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CDC encourages more Americans to consider N95 masks

UPDATED: Fri., Jan. 14, 2022

FILE - Registered nurse Scott McGieson wears an N95 mask as he walks out of a patient's room in the acute care unit of Harborview Medical Center, Jan. 14, 2022, in Seattle. The Biden administration will begin making 400 million N95 masks available for free to Americans starting next week, now that federal officials are emphasizing their better protection against the omicron variant of COVID-19 over cloth face coverings. The White House announced Wednesday that the masks will come from the government's Strategic National Stockpile, which has more than 750 million of the highly protective masks on hand. .  (Elaine Thompson)
FILE - Registered nurse Scott McGieson wears an N95 mask as he walks out of a patient's room in the acute care unit of Harborview Medical Center, Jan. 14, 2022, in Seattle. The Biden administration will begin making 400 million N95 masks available for free to Americans starting next week, now that federal officials are emphasizing their better protection against the omicron variant of COVID-19 over cloth face coverings. The White House announced Wednesday that the masks will come from the government's Strategic National Stockpile, which has more than 750 million of the highly protective masks on hand. . (Elaine Thompson)
By Mike Stobbe Associated Press

NEW YORK – U.S. health officials on Friday encouraged more Americans to wear the kind of N95 or KN95 masks used by health-care workers to slow the spread of the coronavirus.

Those kinds of masks are considered better at filtering the air. But they were in short supply previously, and Centers for Disease Control and Prevention officials had said they should be prioritized for health care workers.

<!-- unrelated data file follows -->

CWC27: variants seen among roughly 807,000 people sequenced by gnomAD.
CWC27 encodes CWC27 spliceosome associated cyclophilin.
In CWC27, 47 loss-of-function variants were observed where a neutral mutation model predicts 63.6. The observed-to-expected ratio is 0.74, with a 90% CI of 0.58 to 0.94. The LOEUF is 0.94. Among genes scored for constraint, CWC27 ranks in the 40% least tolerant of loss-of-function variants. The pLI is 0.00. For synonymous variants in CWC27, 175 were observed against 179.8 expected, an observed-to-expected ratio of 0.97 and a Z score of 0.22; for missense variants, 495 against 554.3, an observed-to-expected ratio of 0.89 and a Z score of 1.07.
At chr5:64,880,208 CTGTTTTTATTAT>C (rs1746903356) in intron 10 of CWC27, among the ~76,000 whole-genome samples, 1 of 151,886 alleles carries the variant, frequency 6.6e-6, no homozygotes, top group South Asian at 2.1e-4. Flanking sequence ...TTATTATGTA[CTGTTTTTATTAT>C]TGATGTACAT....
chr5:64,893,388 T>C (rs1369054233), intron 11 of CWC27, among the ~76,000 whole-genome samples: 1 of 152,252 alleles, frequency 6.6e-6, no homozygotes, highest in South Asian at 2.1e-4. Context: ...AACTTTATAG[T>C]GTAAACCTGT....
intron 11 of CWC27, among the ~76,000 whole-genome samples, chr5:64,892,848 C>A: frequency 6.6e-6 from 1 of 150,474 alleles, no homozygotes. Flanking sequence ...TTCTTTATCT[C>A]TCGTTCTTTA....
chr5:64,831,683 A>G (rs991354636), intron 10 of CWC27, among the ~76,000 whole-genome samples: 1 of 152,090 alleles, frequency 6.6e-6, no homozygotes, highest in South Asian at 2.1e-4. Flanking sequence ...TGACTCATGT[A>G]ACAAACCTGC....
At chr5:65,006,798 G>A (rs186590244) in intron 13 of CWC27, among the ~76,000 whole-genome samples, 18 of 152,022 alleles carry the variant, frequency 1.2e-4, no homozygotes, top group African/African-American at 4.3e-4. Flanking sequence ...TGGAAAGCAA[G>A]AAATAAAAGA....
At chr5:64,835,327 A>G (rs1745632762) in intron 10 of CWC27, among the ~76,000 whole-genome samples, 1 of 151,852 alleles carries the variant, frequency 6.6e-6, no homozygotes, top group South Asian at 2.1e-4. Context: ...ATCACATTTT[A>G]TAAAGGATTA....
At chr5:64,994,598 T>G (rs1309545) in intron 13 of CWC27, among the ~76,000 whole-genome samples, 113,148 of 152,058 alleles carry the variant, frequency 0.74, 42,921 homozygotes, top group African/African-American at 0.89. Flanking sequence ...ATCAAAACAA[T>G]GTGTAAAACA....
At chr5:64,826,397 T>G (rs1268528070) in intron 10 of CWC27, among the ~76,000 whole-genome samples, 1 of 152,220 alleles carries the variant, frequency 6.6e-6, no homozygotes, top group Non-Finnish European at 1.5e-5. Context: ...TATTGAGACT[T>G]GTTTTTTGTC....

In updated guidance posted late Friday afternoon, CDC officials removed concerns related to supply shortages and more clearly said that properly fitted N95 and KN95 masks offer the most protection.

However, agency officials noted some masks are harder to tolerate than others, and urged people to choose good-fitting masks that they will wear consistently.

“Our main message continues to be that any mask is better than no mask,” Kristen Nordlund, a CDC spokeswoman, said in a statement.

The CDC has evolved its mask guidance throughout the pandemic.

In its last update, in September, CDC officials became more encouraging of disposable N95 masks, saying they could be used in certain situations if supplies were available. Examples included being near a lot of people for extended periods of time on a train, bus or airplane; taking care of someone in poor health; or being more susceptible to severe illness.

On Thursday, President Joe Biden announced that his administration was planning to make “high-quality masks,” including N95s, available for free. He said more details were coming next week. The federal government has a stockpile of more than 750 million N95 masks, the White House said.

The latest CDC guidance notes that there is a special category of “surgical N95” masks, that are specially designed for protection against blood splashes and other operating room hazards. Those are not generally available for sale to the public, and should continue to be reserved for health care workers, the agency said.

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